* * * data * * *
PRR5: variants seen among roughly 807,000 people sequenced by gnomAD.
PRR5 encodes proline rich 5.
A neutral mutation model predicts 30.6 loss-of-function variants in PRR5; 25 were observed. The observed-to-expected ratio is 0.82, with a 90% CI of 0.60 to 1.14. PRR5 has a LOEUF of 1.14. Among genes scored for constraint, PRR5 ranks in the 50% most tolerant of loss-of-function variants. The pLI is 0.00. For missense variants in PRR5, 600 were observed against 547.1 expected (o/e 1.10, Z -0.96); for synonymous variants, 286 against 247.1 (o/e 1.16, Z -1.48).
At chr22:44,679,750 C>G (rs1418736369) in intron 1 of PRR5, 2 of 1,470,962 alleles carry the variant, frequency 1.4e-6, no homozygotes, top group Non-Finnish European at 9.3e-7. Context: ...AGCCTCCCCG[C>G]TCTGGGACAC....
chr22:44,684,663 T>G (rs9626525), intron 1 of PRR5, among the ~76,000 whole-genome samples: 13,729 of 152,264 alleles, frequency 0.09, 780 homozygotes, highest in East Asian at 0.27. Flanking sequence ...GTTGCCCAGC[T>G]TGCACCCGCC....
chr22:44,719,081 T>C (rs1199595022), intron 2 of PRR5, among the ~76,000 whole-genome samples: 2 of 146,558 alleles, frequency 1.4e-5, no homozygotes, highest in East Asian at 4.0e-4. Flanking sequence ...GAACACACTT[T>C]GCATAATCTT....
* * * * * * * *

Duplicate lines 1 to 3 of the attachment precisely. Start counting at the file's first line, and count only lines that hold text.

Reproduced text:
PRR5: variants seen among roughly 807,000 people sequenced by gnomAD.
PRR5 encodes proline rich 5.
A neutral mutation model predicts 30.6 loss-of-function variants in PRR5; 25 were observed. The observed-to-expected ratio is 0.82, with a 90% CI of 0.60 to 1.14. PRR5 has a LOEUF of 1.14. Among genes scored for constraint, PRR5 ranks in the 50% most tolerant of loss-of-function variants. The pLI is 0.00. For missense variants in PRR5, 600 were observed against 547.1 expected (o/e 1.10, Z -0.96); for synonymous variants, 286 against 247.1 (o/e 1.16, Z -1.48).